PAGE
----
One should not forecast the market in the short term. One of my friends asked me a while back that why should we forecast an individual company rather the market? What is the logic behind that? I replied that if you define the market by the Index (Nifty, Sensex), then there are many moving variables. Some moving variables I can define as per my limited knowledge is the politics, view on the interest rate, performance of GDP & the sectors (as the index i.e. Nifty, Sensex has many sectors which define the value) etc. which in my view is next to impossible to predict.

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Forecasting an individual company is relatively easy. We need to forecast revenue, profit, margins, market size/growth, suppliers/customers attitude towards the company etc.

We should also bifurcate our prediction in three baskets – Short term, Medium term, Long term. In short term, everything changes. In the medium term, things slowly get back to normal. In the long term, hardly anything changes. This way, we need to implement the forecasting of the numbers say revenue, margins etc. in our model.

“Obvious approaches to improved profit margins involve differentiation of product, lowered manufacturing costs through more efficient equipment or better utilization of people, redirection toward fabrics enjoying stronger market trends, etc.  Our management is diligent in pursuing such objectives.  The problem, of course, is that our competitors are just as diligently doing the same thing.”

Competition is one of the important aspects one should look forward to the industry. One will not compete in a business where the current companies earn say 8% margin. See companies like Relaxo Footwear, Avenue Supermarts (D-mart) etc. See the multiples (say P/E) they are getting in the market.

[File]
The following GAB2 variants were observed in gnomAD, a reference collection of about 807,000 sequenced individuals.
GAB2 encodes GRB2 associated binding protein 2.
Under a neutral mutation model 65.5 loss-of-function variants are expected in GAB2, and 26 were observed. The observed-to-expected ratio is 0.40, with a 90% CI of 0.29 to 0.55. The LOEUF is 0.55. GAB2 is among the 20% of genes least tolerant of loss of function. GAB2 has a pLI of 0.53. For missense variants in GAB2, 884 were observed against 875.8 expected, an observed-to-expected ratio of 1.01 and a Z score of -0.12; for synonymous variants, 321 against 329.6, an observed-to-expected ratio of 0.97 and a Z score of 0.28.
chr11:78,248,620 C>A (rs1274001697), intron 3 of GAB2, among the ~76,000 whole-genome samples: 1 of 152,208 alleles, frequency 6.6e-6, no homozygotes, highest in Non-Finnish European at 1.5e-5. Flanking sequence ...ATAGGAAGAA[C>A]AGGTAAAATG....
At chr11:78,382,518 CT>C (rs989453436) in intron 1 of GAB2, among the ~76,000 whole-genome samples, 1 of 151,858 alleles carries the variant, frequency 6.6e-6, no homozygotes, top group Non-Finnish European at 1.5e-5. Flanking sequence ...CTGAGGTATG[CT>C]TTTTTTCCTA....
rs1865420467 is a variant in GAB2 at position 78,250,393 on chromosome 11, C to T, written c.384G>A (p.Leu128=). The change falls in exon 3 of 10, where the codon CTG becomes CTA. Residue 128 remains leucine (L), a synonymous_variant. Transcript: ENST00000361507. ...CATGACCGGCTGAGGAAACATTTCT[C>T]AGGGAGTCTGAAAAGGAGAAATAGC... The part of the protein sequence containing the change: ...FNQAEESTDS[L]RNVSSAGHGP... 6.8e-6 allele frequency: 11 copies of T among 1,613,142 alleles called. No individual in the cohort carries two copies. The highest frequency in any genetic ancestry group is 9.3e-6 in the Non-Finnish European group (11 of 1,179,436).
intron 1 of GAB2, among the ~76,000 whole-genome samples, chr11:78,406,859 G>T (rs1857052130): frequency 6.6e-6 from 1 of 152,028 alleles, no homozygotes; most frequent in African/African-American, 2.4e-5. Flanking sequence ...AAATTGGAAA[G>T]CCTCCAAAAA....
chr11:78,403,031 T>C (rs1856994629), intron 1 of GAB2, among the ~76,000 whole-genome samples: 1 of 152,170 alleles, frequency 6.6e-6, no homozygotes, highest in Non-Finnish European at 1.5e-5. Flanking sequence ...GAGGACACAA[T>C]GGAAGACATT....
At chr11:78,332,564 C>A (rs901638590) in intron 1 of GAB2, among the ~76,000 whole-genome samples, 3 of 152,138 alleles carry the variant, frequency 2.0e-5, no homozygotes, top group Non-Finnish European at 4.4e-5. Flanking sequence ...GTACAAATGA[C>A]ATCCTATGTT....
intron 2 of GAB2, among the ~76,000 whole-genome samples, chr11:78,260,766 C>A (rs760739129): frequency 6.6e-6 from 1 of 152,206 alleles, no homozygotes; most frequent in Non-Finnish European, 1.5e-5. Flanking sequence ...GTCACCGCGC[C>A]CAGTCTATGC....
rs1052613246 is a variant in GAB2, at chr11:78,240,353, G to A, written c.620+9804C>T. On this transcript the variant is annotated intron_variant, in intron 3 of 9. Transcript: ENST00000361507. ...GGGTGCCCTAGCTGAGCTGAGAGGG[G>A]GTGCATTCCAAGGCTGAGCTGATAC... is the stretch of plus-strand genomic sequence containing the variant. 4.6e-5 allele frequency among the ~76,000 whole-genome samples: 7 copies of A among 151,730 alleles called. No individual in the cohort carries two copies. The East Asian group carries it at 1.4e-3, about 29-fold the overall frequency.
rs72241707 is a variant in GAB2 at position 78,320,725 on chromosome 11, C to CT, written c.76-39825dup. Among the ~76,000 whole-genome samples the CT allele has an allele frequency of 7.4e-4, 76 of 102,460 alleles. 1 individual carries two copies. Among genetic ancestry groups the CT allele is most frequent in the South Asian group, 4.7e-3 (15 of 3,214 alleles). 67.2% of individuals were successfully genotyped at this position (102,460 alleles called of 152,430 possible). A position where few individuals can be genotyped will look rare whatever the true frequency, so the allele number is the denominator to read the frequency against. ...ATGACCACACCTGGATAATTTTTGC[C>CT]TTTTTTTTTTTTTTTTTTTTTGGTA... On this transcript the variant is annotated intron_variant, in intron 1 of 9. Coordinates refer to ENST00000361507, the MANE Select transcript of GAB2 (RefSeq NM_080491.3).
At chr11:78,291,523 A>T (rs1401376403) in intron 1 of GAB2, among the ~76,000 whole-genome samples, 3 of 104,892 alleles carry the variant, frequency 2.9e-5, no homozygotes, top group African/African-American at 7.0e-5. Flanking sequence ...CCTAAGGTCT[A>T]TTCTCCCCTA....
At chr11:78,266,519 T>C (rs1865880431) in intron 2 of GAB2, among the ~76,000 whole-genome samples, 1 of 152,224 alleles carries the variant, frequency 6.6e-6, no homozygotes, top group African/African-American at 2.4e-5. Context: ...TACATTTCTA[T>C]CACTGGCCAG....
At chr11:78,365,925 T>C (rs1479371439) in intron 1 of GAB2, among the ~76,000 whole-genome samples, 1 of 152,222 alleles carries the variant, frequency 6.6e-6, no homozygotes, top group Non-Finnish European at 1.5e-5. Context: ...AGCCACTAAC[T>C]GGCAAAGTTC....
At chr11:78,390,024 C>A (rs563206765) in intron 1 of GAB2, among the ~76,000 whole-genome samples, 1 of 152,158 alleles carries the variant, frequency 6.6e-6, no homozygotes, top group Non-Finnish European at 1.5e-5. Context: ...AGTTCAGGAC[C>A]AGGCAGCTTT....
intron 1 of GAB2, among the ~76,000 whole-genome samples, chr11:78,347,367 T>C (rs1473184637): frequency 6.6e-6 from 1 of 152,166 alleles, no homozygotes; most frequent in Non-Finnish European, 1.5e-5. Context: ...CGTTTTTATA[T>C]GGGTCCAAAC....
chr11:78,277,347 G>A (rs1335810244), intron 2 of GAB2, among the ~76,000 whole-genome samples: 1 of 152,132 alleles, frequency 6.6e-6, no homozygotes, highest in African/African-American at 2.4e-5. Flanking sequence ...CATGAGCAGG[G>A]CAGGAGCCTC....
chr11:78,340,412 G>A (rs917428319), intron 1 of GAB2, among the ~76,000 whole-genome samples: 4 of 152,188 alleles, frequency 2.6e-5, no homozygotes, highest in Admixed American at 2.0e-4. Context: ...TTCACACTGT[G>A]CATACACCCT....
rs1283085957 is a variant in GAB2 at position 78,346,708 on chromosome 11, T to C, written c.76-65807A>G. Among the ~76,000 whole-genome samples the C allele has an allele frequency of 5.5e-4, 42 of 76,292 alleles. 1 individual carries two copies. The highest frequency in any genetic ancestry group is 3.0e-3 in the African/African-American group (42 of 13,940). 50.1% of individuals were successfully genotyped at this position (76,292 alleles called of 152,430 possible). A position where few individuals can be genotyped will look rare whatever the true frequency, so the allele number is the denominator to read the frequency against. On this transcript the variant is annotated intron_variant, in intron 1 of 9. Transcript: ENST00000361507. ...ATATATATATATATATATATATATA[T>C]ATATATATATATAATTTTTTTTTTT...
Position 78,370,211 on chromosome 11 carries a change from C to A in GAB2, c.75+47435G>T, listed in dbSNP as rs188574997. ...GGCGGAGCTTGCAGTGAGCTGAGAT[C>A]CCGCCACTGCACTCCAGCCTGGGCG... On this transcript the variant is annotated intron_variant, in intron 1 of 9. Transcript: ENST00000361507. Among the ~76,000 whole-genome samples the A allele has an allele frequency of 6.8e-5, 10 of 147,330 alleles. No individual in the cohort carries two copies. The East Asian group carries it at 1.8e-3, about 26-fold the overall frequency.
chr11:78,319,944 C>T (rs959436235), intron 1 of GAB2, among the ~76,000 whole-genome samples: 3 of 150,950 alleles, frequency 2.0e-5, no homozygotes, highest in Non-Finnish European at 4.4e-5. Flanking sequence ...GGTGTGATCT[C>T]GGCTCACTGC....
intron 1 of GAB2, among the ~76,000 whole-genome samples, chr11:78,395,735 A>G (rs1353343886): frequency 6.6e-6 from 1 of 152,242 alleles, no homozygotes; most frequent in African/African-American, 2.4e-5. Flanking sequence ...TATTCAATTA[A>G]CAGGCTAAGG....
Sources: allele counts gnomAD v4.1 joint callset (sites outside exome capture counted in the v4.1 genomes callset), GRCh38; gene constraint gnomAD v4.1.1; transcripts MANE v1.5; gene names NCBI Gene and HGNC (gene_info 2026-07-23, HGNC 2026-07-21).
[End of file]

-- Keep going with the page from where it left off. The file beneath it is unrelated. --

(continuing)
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You’ll see the competition where the current companies are earning say 20%+ margins in the business. People want to enter that kind of business. Although there comes the moat part which protects the company’s profit.

Textile is the prime example of the competition. There is minimal product differentiation + there’s the unorganized market too. Xiaomi introduced price competition in the smart-phone market. Oppo, Vivo, Realme (BBK Electronics – a parent company of Oppo, Vivo, Realme, OnePlus and iQOO) made the smart-phone market even more competitive.

“We get excited enough to commit a big percentage of insurance company net worth to equities only when we find (1) businesses we can understand, (2) with favorable long-term prospects, (3) operated by honest and competent people, and (4) priced very attractively.”

Same ideology in the 1977 letter. Do not change your investment philosophy. Stick to one. Try to be the best in it.